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A Rotorcraft to Map Mars

Mimi Aung of NASA’s Jet Propulsion Laboratory gives a glimpse of what to expect from the launch mission of the Mars Helicopter.

By Charles Cooper

Sometime around February 2021, NASA will drop a new rotorcraft on Mars that will be the first device to fly in the atmosphere of a planet besides Earth.

“In deep space exploration we have never done anything like this before,” said Mimi Aung, the project manager overseeing a team at NASA’s Jet Propulsion Laboratory (JPL) that has labored since 2013 to demonstrate the viability of heavier-than-air flying vehicles on Mars.

The Mars Helicopter, as it’s called, is a technological marvel. Weighing in at slightly less than four pounds, it sports a fuselage that’s about the size of a softball. NASA used off-the-shelf materials, including lightweight avionics, solar cells, high-density batteries and carbon fibers. The flying device is also a completely “green” piece of equipment, built with solar panels that can collect solar energy to recharge the battery when the helicopter is at rest.

Upon landing, the helicopter will spend most of the day on the Martian surface recharging its lithium-ion batteries as it prepares to venture into the Martian atmosphere during the planned 30-day flight test campaign. The idea is to perform reconnaissance missions of nearby regions that the Rover cannot access due to ground impediments or steep terrain.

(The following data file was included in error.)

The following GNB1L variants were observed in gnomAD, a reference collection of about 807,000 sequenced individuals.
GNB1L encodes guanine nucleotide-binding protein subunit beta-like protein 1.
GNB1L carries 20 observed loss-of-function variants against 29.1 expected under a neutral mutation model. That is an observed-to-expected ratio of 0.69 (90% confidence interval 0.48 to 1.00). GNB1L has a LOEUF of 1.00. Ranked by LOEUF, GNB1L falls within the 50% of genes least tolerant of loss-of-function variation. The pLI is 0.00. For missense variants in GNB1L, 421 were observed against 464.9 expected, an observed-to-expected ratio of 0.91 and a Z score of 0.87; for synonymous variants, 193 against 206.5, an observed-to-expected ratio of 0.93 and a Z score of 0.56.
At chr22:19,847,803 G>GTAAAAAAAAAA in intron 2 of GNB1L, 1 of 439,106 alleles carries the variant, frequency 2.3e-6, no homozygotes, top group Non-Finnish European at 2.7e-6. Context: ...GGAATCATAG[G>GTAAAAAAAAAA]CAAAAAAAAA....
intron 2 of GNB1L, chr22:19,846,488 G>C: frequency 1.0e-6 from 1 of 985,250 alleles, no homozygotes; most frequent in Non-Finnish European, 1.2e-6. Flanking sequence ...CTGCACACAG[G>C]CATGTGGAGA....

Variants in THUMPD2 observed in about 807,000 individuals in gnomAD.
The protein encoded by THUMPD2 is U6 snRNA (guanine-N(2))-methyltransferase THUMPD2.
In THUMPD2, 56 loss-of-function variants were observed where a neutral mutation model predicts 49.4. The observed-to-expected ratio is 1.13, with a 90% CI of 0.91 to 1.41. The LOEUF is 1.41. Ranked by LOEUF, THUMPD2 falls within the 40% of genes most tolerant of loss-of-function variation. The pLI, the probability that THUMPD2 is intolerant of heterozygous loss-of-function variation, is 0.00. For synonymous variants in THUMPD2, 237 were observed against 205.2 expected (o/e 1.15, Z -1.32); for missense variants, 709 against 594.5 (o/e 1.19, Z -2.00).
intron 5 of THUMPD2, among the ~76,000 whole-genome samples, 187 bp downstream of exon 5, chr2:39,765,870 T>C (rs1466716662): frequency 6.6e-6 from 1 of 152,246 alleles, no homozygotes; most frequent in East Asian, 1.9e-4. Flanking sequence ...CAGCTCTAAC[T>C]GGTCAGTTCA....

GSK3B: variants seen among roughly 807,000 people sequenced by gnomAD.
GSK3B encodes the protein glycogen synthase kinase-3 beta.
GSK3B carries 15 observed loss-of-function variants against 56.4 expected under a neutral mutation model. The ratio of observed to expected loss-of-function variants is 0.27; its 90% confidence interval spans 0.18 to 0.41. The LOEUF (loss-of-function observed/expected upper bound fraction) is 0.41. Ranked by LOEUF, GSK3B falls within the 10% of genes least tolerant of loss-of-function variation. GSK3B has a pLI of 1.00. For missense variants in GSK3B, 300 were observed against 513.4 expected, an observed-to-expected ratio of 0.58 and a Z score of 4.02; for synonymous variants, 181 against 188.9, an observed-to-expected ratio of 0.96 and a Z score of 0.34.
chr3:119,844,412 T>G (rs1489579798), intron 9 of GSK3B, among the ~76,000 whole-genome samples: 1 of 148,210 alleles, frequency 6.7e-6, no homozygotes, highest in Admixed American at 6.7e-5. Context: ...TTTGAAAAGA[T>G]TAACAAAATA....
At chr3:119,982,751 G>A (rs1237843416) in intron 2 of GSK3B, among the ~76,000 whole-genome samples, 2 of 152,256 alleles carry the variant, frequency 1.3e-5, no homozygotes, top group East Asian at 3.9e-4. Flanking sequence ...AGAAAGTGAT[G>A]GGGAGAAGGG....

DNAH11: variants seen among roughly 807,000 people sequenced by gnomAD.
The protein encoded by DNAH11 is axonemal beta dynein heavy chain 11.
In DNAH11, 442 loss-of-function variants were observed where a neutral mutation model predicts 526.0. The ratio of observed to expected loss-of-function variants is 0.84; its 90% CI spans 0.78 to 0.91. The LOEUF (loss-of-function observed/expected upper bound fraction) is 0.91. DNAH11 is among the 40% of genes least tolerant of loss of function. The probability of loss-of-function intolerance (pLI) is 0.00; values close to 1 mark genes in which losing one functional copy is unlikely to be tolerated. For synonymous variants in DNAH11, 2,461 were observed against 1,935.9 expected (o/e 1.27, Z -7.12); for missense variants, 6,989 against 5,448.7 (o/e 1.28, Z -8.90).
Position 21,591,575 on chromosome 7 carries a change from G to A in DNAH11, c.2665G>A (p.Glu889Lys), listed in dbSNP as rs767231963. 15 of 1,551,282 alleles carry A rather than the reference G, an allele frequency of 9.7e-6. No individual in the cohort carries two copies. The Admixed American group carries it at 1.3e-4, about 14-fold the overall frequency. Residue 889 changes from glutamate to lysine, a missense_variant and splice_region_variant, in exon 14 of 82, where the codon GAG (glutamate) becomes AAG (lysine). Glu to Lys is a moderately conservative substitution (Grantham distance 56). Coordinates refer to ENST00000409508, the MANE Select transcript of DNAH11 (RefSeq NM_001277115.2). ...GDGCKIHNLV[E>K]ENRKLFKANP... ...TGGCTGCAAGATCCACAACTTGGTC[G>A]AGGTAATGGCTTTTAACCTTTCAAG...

The First Flight

In its initial flight, the helicopter will hover three meters above the surface for about 30 seconds. NASA hopes to send the helicopter as high as 40 meters into the atmosphere. The maximum flight distance will extend a few hundred meters from the Rover and the longest it will remain aloft at any one time is 90 seconds.

“When we explore the surface with Rovers we want the ability to see ahead with high-definition images. This is going to allow detailed information about the Martian surface that we’ve never had before,” Aung said.

NASA controllers will send commands to the Rover, which will then relay information to the helicopter. The transmissions will take between four and 12 minutes to arrive. Time lag will vary depending on the relative position of the Earth and Mars.

The helicopter will need to survive on its own through the cold Martian nights, which can get down to 90 degrees below zero centigrade. The unit includes a heating mechanism controlled by an onboard computer that reads the temperature sensors to prevent freezing. NASA envisions that future generations of aerial vehicles will be equipped with far more robust features, allowing them to travel farther and higher.


Academy Communications Department
This article was written by a member of the Academy Communications team.